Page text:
(Front l-r) Donna, Celeste, Lina and Becky
Becky, June, Lina, Donna and Celeste pose in
front of Gingerbread house,
which was auctioned at the end of the evening.
Aim with artist Lek and singer Aard.
Terry, Donna, Debbie, Sasitorn, Tom and Mark
seem quite content having sampled the pastry chef’s desert creations.
Amy, Annie Oakley, Graziele, John, Jon, Philip
and Martin party for a good cause.
The five chef’s of Chiang Mai (l-r) Wason (D2)
Keaikkisak (Sofitel), Pom (The House), Wanlop (4 Seasons) and Sarnkapong
Ah, Sweet Charities! The Foundation for the Education of Rural Children
(FERC) recently hosted an elegant and unusual evening – Sweet Charities - in
the garden of the Hinlay Curry Restaurant, known locally as the Old Japanese
Consulate. To make the evening especially sweet, chefs from local five star
hotels and restaurants manned work stations displaying – and serving - their
favorite desserts. Brownies, cheese cake, flourless chocolate cake topped
with crème anglaise, rich milk cassoulette with bourbon, and a very special
chocolate fudge helped to satisfy the sweetest of sweet teeth.
Guests were greeted by board members as they entered the gates and were
served a glass of sparkling wine after being shown into the beautifully lit
garden. Music by Tangerine Blue set the stage for a lovely evening under the
palm trees and featured a variety of favorite show tunes. Mild winter
breezes kept everything cool, including the inviting desserts. Abstract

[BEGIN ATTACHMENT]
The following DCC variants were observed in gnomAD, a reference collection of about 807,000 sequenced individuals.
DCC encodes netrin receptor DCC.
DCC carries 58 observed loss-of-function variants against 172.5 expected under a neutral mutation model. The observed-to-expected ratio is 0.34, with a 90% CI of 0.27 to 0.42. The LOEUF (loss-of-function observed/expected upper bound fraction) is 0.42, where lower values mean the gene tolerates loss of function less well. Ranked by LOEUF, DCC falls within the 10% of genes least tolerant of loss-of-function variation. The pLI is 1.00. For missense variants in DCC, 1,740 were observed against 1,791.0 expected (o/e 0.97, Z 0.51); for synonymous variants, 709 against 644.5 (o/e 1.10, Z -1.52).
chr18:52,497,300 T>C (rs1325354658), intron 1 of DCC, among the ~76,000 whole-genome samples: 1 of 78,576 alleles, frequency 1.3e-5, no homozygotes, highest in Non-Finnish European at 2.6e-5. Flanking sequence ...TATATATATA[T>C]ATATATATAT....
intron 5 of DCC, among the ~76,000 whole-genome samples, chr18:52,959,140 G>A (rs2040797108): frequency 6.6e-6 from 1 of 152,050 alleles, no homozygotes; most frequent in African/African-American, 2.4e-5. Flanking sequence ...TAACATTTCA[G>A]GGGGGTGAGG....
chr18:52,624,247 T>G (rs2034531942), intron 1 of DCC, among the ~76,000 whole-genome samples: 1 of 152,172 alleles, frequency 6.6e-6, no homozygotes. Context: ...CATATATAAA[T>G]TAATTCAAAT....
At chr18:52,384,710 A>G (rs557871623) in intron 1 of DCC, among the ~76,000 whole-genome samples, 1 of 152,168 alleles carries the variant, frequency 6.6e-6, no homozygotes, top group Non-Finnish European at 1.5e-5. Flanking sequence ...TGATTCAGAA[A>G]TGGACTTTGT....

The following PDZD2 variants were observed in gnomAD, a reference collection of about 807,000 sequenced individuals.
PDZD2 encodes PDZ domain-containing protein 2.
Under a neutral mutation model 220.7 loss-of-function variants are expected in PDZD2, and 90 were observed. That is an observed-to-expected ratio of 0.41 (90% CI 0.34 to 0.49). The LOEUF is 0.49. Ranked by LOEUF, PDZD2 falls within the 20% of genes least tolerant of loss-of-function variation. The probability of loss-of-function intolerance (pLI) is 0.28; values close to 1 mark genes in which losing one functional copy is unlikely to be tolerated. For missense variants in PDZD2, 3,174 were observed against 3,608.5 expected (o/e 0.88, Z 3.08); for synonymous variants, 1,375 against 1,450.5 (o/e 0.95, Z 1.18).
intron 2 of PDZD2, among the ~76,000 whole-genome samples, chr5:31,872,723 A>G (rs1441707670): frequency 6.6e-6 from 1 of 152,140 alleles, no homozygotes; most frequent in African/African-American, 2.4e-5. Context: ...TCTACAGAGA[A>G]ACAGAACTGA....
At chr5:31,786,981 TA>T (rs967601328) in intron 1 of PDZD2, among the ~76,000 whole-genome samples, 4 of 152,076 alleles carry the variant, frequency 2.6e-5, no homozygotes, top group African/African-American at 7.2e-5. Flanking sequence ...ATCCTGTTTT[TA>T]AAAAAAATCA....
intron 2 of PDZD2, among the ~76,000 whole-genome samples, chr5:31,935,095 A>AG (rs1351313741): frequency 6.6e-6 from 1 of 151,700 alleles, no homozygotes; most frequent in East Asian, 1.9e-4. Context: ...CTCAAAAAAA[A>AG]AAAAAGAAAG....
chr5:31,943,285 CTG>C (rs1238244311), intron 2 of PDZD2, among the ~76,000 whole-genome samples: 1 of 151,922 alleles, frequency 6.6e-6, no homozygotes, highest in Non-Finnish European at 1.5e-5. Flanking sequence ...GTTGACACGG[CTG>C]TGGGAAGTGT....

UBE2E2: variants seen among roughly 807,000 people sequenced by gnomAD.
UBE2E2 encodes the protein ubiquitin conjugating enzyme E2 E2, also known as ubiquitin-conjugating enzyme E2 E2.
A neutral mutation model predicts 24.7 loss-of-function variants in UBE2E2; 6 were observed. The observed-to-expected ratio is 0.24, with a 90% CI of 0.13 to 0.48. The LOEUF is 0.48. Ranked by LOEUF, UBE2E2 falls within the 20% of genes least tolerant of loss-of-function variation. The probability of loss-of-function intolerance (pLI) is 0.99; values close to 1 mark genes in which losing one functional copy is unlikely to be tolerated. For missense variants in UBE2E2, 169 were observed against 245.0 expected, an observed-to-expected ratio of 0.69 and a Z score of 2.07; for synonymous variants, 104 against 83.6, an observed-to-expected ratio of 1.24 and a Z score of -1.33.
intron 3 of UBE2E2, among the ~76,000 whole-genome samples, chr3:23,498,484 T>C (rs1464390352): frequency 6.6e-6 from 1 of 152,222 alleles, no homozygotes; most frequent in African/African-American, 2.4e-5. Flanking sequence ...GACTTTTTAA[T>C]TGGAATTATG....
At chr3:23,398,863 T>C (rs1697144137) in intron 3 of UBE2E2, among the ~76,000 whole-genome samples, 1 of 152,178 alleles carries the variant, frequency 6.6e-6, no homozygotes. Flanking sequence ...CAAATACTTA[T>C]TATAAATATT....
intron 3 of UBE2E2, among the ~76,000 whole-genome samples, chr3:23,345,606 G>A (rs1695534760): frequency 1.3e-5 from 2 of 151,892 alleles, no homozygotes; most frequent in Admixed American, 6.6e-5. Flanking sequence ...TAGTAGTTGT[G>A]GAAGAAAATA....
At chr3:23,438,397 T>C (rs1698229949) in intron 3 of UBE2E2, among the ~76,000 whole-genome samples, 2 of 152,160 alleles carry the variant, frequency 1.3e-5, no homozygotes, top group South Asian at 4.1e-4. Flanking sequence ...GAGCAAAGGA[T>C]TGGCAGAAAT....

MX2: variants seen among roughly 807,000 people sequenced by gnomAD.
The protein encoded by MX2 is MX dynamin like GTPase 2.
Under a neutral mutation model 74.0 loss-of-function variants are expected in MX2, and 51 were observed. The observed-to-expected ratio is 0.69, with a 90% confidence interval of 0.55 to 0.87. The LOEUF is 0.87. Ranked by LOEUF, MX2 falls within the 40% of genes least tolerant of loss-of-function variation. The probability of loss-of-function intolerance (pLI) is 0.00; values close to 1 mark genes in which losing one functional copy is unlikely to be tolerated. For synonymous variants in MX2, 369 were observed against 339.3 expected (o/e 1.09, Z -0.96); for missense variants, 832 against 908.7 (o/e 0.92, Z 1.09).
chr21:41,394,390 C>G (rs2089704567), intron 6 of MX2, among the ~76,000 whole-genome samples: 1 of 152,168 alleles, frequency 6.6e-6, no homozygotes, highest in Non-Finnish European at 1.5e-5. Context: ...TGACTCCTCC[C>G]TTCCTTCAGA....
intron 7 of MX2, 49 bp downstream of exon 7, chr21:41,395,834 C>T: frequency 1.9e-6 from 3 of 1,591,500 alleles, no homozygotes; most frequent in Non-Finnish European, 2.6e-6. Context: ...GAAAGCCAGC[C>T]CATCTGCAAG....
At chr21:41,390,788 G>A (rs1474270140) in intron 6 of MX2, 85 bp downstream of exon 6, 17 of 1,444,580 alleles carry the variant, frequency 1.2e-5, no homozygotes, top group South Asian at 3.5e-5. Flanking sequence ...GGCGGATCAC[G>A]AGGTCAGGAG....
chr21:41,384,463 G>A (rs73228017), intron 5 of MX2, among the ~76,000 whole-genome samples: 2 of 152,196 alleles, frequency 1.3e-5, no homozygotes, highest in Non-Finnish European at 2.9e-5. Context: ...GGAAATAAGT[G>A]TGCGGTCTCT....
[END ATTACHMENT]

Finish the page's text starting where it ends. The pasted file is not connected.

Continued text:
artist Chang Lek displayed and sold small landscape abstracts, described by
artist Galen Garwood as “little visual desserts”. A portion from the sale of
each painting was donated to FERC.
Rebecca Lomax, FERC board member, welcomed the guests and described the FERC
scholarship programs and the children who have received assistance through
the years. She stated that FERC scholarships had been awarded to children in
the mountains as well as to rural children attending school in Chiang Mai,
to students who were at all levels of their educations from pre-school to
college, and to disabled students as well as those without disabilities. She
described some of the reasons that students needed scholarships, and the
risks posed to children by not having an education.
She then recognized the guest chefs and their sponsoring hotels and
restaurants, The Chedi, D2, Four Seasons, Sofitel Chiang Mai and The House,
as well as Siamese Traders and Nacha Coffee for their donations of teas and
coffee, and the Hinlay Curry Restaurant. Then she introduced Chang Lek and
Galen Garwood, guest artists, and directed guests to the table displaying
Chang Lek’s art work. The performing musical group Tangerine Blue and its
members, John Smith, Mark Gerard, Ong-Ard Kanchaisak and Jaruwat Kitisith
were introduced. Each group was thanked for its charitable contributions to
the welfare of children in Thailand, and for their work in making Sweet
Charities a success.
Other board members including Chairman Marc Dumur, Luxami Dumur, Scott
Jones, Donna Dauenhauer, Frank Weicks, Lance Lewis and Carolina Thompson
were also recognized and thanked. Dr. Lomax then invited guests to enjoy
watching the chefs at their work stations and to indulge in their sweet
desserts with the following comment, “It has been said that the world’s
greatest tragedies were written by Sophocles and Shakespeare. Obviously
neither knew about chocolate. We want no tragedies conceived here tonight,
so please join us in indulging ourselves at the dessert tables.”
June Unland donated a gingerbread house for the event, which was assembled
by Chef Wanlop of the Four Seasons Resort and auctioned to the highest